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Barnes & Noble halts use of PIN pad devices after data breach

Payment terminals at 63 stores in eight states compromised; unknown number affected

Barnes & Noble has removed PIN pad devices from all of its nearly 700 stores nationwide as a precaution after detecting evidence of tampering with the devices at 63 of its stores in eight states.

It a statement Wednesday, the company urged customers who had used their debit cards at the affected stores to change their PIN numbers and to notify their banks immediately of any suspicious transactions. Customers who used credit cards to pay for purchases at the affected stores should review their statements for unauthorized transactions and inform their bank about them, the company said.

A total of 63 stores in California, Florida, Illinois, Massachusetts, New Jersey, New York, Pennsylvania and Rhode Island were affected by the September breach.

Barnes & Noble said the compromise was limited to one tampered PIN pad device at each of the 63 stores. The company did not say how many customers may have been affected by the compromise or why it waited for more than a month to disclose the breach.

Many of the states where the tampering occurred have data breach laws that call for the speedy disclosure of breaches involving loss of credit card, debit card and other sensitive data. However, some of the states also allow exemptions in situations where law enforcement authorities might advise a company not to disclose a breach until early investigations are completed.

"The criminals planted bugs in the tampered PIN pad devices, allowing for the capture of credit card and PIN numbers," Barnes & Noble said in its statement. Federal and local law enforcement are investigating the breach, the company noted.

A Barnes & Noble spokeswoman said the compromise was detected last month and all the PIN pads were taken offline on Sept. 14. The company does not know when the devices were tampered with or how long the compromised devices may have been in place before being detected and removed, she added. The spokeswoman did not offer any details on when Barnes & Noble planned to bring its PIN pad devices back online.

Customers can continue to use their debit and credit cards to pay for purchases via the company's cash registers, the company said.

The breach does not affect Barnes & Noble's customer database nor does it affect purchases made via its online store. Nook e-reader and Nook mobile applications were also unaffected by the intrusion, the company said.

"The tampering, which affected fewer than 1% of PIN pads in Barnes & Noble stores, was a sophisticated criminal effort to steal credit card information, debit card information, and debit card PIN numbers from customers who swiped their cards through PIN pads when they made purchases," the company said.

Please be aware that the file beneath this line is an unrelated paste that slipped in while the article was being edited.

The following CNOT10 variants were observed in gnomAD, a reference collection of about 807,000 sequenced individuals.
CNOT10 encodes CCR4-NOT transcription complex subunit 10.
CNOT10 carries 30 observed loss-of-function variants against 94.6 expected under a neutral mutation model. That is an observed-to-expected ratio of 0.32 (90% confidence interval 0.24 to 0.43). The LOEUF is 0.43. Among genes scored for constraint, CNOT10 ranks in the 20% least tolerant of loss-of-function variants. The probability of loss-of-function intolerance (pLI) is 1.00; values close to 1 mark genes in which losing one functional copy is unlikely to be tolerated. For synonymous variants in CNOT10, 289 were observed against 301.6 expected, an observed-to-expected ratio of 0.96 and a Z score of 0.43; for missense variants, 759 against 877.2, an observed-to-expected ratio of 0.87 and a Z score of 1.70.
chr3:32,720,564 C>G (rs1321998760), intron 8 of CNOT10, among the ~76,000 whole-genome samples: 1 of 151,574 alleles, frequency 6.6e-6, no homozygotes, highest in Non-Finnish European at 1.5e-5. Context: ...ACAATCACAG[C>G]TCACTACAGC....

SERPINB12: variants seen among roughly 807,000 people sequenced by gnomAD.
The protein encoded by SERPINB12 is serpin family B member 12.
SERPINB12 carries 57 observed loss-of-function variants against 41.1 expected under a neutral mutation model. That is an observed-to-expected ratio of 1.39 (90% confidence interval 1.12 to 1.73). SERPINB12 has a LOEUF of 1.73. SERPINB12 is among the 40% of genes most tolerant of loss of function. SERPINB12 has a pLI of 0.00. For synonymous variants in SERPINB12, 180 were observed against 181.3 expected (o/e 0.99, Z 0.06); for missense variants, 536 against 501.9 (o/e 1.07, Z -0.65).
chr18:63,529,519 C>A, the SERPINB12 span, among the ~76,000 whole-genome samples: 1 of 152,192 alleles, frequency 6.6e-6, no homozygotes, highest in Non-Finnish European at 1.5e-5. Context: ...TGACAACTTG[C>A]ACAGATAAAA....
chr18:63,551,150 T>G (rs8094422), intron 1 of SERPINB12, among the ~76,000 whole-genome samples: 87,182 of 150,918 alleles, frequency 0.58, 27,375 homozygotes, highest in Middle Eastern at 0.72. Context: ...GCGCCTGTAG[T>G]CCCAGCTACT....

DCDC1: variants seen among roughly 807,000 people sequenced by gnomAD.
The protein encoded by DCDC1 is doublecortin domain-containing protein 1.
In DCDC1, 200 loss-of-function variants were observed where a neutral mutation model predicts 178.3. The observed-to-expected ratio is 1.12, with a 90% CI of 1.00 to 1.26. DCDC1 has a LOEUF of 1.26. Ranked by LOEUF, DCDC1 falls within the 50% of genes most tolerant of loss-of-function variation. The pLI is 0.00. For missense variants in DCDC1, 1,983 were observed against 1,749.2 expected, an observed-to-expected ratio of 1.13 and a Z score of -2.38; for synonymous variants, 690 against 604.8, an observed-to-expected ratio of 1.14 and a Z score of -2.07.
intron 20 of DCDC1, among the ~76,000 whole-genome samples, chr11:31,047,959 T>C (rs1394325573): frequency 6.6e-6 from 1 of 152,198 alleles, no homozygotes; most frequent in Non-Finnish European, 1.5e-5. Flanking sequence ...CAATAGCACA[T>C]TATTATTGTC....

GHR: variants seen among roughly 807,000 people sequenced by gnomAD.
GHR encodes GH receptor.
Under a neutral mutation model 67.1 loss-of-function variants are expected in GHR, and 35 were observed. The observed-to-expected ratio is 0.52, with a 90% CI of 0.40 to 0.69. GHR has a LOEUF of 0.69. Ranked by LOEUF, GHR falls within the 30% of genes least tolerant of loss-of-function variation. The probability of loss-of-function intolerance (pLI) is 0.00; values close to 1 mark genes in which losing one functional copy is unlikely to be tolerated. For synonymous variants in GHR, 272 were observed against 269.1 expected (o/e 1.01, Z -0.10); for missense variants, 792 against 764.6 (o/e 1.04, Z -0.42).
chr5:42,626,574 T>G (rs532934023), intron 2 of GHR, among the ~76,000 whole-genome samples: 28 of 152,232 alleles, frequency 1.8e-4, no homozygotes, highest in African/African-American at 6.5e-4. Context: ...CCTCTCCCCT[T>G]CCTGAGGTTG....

Payment card theft involving compromised PIN pad devices is not new. In 2010, discount grocer Aldi Inc. disclosed a data breach in which criminals stole debit card data from an undisclosed number of people after tampering with PIN pad terminals at stores across 11 states.

Last year, crafts store chain Michaels Stores disclosed that close to 100 payment card terminals at stores across 20 states were tampered with by criminals looking to steal debit and credit card data.

Contrary to what one might expect, tampering with payment card terminals at retail stores is not very hard, said Avivah Litan, an analyst with Gartner Inc.

In most cases, crooks begin by targeting specific payment devices, not necessarily the store itself, she said. "What they do is study the equipment. They take it apart, look at it and then build [a card skimmer] that can be slipped into it very quickly."

The skimmers are often small and unobtrusive and are designed to capture and wirelessly transmit stolen card data to offsite servers. The crooks then attack stores using those devices, she said.

"I know of at least one case where they did this at a bank. With all that security they just went in and slipped a skimmer into a bank ATM."

Jaikumar Vijayan covers data security and privacy issues, financial services security and e-voting for Computerworld. Follow Jaikumar on Twitter at @jaivijayan or subscribe to Jaikumar's RSS feed. His e-mail address is [email protected].

See more by Jaikumar Vijayan on Computerworld.com.

Read more about cybercrime and hacking in Computerworld's Cybercrime and Hacking Topic Center.


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